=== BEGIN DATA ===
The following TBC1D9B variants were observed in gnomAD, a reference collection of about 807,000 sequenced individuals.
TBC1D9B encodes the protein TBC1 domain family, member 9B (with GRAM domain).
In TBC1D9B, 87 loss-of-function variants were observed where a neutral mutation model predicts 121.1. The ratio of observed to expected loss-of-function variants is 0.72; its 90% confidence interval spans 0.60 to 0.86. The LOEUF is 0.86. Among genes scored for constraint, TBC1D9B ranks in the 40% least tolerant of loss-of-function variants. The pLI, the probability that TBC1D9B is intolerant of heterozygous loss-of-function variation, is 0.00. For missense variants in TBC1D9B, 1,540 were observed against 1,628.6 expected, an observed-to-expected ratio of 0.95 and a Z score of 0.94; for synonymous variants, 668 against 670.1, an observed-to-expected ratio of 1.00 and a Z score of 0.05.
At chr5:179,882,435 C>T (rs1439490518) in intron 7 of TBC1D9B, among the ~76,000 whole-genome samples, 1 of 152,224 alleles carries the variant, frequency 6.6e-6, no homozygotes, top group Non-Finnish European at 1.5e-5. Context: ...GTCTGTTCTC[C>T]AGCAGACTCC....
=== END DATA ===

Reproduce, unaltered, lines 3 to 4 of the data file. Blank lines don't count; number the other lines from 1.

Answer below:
In TBC1D9B, 87 loss-of-function variants were observed where a neutral mutation model predicts 121.1. The ratio of observed to expected loss-of-function variants is 0.72; its 90% confidence interval spans 0.60 to 0.86. The LOEUF is 0.86. Among genes scored for constraint, TBC1D9B ranks in the 40% least tolerant of loss-of-function variants. The pLI, the probability that TBC1D9B is intolerant of heterozygous loss-of-function variation, is 0.00. For missense variants in TBC1D9B, 1,540 were observed against 1,628.6 expected, an observed-to-expected ratio of 0.95 and a Z score of 0.94; for synonymous variants, 668 against 670.1, an observed-to-expected ratio of 1.00 and a Z score of 0.05.
At chr5:179,882,435 C>T (rs1439490518) in intron 7 of TBC1D9B, among the ~76,000 whole-genome samples, 1 of 152,224 alleles carries the variant, frequency 6.6e-6, no homozygotes, top group Non-Finnish European at 1.5e-5. Context: ...GTCTGTTCTC[C>T]AGCAGACTCC....